“So climate change makes formerly severe, rare events occur more often,” she said.
The conclusions in the latest IPCC report, released Aug. 9, represent a major change from the last IPCC report before that, released in 2013. Then, IPCC found only a low confidence that changes in global drought patterns could be attributed to human influence.
But since 2013, climate change including global warming has gotten worse, “and we’ve actually started to see extreme events like droughts, floods and heat waves” far more often, Tierney said.
Also, an increasing number of studies have concluded that climate change is connected with drought severity, she said. Scientists also have developed a technique of attribution studies in which they can figure out how much did global warming affect a particular extreme climactic event, she said.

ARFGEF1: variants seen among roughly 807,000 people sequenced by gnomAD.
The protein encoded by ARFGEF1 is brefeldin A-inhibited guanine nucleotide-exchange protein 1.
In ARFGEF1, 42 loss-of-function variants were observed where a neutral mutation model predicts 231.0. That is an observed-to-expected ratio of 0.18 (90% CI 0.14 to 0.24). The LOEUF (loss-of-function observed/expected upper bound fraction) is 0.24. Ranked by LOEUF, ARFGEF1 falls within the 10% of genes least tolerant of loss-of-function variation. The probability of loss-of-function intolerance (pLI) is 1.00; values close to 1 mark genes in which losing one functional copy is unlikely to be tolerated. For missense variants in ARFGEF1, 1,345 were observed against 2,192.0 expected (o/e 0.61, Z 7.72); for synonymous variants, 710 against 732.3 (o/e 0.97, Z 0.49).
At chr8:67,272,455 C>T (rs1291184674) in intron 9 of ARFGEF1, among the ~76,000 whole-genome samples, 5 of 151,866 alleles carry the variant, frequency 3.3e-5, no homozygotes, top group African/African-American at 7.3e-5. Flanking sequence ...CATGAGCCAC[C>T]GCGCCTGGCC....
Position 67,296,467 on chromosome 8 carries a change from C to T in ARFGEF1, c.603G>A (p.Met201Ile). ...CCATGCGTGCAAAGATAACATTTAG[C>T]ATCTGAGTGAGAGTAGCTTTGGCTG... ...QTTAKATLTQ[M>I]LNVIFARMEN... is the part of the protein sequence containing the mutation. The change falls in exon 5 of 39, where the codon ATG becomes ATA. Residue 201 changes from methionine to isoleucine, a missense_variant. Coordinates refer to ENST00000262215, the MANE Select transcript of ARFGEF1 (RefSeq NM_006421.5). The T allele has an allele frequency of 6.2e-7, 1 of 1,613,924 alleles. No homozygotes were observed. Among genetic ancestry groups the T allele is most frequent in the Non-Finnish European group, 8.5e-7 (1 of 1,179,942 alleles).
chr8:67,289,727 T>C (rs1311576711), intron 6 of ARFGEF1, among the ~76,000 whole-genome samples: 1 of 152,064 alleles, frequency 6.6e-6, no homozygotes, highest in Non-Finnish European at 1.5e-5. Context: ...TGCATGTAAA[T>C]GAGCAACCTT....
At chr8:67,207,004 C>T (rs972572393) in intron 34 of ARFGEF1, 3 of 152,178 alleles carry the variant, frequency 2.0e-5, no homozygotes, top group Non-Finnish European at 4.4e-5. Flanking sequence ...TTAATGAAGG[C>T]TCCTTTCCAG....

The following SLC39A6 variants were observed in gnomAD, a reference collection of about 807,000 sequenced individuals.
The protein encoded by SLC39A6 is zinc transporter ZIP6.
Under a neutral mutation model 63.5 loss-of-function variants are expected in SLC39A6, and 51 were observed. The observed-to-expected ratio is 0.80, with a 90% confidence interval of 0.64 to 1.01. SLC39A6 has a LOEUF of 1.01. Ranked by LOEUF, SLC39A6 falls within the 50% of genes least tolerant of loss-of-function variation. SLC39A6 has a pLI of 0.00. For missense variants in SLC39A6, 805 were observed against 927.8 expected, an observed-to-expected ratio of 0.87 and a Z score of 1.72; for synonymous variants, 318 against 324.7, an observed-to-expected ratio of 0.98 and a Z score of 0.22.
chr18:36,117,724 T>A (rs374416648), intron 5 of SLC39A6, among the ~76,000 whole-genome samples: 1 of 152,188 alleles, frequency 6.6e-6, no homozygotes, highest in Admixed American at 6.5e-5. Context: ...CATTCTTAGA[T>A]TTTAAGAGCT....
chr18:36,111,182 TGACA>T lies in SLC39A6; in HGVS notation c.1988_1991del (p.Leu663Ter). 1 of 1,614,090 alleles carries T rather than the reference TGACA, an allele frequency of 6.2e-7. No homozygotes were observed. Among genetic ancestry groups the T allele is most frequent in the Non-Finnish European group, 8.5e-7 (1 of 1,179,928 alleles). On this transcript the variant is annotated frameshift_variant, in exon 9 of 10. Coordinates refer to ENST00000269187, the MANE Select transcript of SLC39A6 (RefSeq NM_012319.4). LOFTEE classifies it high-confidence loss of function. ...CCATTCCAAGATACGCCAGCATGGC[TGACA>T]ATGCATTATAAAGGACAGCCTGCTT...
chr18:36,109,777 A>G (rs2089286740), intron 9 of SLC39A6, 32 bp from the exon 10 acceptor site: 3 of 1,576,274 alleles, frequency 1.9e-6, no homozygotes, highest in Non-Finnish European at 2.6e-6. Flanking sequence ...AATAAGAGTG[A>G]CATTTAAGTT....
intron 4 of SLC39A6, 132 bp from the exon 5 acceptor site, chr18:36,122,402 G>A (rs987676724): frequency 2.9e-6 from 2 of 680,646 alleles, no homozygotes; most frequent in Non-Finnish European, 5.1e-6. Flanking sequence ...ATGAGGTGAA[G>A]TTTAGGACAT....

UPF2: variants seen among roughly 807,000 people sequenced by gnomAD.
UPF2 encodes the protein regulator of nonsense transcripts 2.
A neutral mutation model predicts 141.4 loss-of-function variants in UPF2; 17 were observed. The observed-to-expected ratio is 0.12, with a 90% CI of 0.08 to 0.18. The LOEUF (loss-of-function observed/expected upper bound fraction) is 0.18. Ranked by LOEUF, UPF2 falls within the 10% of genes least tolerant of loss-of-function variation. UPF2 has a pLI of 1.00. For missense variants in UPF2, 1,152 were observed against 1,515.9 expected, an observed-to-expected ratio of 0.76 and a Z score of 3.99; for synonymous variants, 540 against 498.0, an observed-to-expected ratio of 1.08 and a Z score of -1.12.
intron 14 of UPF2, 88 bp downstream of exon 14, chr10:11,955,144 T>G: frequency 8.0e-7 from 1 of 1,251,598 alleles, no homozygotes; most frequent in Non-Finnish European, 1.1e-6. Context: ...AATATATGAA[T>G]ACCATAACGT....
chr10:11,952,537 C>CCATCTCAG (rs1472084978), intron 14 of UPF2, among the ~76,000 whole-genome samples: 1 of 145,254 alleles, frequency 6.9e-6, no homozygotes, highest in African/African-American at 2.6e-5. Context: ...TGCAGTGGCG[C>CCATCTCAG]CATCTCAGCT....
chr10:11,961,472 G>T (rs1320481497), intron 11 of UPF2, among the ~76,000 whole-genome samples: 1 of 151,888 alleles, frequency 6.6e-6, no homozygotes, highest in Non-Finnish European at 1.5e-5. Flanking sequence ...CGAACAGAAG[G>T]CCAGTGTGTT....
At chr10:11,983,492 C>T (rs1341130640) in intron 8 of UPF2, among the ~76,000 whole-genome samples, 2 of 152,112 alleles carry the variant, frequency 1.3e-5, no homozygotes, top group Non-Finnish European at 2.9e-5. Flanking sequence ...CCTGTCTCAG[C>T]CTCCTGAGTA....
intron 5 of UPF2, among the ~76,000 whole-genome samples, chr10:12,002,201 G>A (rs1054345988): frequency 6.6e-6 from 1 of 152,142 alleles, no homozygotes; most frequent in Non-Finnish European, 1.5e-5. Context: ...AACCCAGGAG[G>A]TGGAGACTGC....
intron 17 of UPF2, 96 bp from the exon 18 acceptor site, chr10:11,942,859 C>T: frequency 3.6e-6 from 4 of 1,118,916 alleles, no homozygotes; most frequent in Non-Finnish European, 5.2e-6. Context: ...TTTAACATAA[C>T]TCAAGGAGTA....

The technique has been used for detecting human influences not just on droughts but on heat waves and on heavy precipitation events, she said.
The ability to attribute individual events to long-term climate change has also benefited from increased use of what’s known as paleoclimate information that uses rocks, tree rings, leaf margins, certain types of minerals, warm water animal occurrences and stable isotopes of oxygen.
UA’s Tierney’s own specialty is paleoclimate studies in which she uses mostly sediments, mud collected from ocean bottoms, and sometimes rock outcroppings, to study past climates.
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